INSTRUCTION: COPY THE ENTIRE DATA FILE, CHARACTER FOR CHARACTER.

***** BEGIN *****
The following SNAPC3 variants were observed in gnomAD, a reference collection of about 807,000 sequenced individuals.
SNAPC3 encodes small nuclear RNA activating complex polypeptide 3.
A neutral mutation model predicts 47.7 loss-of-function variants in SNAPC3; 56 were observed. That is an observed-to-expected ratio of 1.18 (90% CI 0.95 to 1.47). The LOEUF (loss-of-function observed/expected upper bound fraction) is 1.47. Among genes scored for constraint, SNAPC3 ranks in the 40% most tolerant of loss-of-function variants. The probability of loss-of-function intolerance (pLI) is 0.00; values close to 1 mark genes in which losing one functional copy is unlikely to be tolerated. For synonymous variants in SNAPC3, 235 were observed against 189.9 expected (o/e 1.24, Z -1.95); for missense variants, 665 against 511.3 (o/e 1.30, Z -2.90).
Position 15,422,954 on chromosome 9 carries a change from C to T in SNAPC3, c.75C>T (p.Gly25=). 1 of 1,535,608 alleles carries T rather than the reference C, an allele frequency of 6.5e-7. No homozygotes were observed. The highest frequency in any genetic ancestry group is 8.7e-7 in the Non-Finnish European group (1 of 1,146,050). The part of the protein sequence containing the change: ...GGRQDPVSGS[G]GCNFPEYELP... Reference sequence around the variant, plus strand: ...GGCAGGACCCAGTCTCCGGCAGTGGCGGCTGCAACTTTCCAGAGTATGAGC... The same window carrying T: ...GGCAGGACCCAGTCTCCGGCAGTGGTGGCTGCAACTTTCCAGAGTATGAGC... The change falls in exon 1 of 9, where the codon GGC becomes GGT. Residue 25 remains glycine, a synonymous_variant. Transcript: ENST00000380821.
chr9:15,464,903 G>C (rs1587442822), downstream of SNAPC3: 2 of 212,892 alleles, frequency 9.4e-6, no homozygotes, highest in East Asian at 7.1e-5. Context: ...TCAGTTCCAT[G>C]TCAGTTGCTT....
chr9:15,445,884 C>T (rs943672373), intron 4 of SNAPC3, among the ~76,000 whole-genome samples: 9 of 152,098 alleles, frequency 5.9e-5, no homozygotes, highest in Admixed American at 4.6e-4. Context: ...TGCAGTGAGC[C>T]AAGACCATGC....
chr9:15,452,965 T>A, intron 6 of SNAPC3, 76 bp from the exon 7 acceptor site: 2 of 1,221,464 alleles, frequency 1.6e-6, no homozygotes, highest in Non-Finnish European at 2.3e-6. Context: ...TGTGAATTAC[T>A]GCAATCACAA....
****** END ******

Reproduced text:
The following SNAPC3 variants were observed in gnomAD, a reference collection of about 807,000 sequenced individuals.
SNAPC3 encodes small nuclear RNA activating complex polypeptide 3.
A neutral mutation model predicts 47.7 loss-of-function variants in SNAPC3; 56 were observed. That is an observed-to-expected ratio of 1.18 (90% CI 0.95 to 1.47). The LOEUF (loss-of-function observed/expected upper bound fraction) is 1.47. Among genes scored for constraint, SNAPC3 ranks in the 40% most tolerant of loss-of-function variants. The probability of loss-of-function intolerance (pLI) is 0.00; values close to 1 mark genes in which losing one functional copy is unlikely to be tolerated. For synonymous variants in SNAPC3, 235 were observed against 189.9 expected (o/e 1.24, Z -1.95); for missense variants, 665 against 511.3 (o/e 1.30, Z -2.90).
Position 15,422,954 on chromosome 9 carries a change from C to T in SNAPC3, c.75C>T (p.Gly25=). 1 of 1,535,608 alleles carries T rather than the reference C, an allele frequency of 6.5e-7. No homozygotes were observed. The highest frequency in any genetic ancestry group is 8.7e-7 in the Non-Finnish European group (1 of 1,146,050). The part of the protein sequence containing the change: ...GGRQDPVSGS[G]GCNFPEYELP... Reference sequence around the variant, plus strand: ...GGCAGGACCCAGTCTCCGGCAGTGGCGGCTGCAACTTTCCAGAGTATGAGC... The same window carrying T: ...GGCAGGACCCAGTCTCCGGCAGTGGTGGCTGCAACTTTCCAGAGTATGAGC... The change falls in exon 1 of 9, where the codon GGC becomes GGT. Residue 25 remains glycine, a synonymous_variant. Transcript: ENST00000380821.
chr9:15,464,903 G>C (rs1587442822), downstream of SNAPC3: 2 of 212,892 alleles, frequency 9.4e-6, no homozygotes, highest in East Asian at 7.1e-5. Context: ...TCAGTTCCAT[G>C]TCAGTTGCTT....
chr9:15,445,884 C>T (rs943672373), intron 4 of SNAPC3, among the ~76,000 whole-genome samples: 9 of 152,098 alleles, frequency 5.9e-5, no homozygotes, highest in Admixed American at 4.6e-4. Context: ...TGCAGTGAGC[C>T]AAGACCATGC....
chr9:15,452,965 T>A, intron 6 of SNAPC3, 76 bp from the exon 7 acceptor site: 2 of 1,221,464 alleles, frequency 1.6e-6, no homozygotes, highest in Non-Finnish European at 2.3e-6. Context: ...TGTGAATTAC[T>A]GCAATCACAA....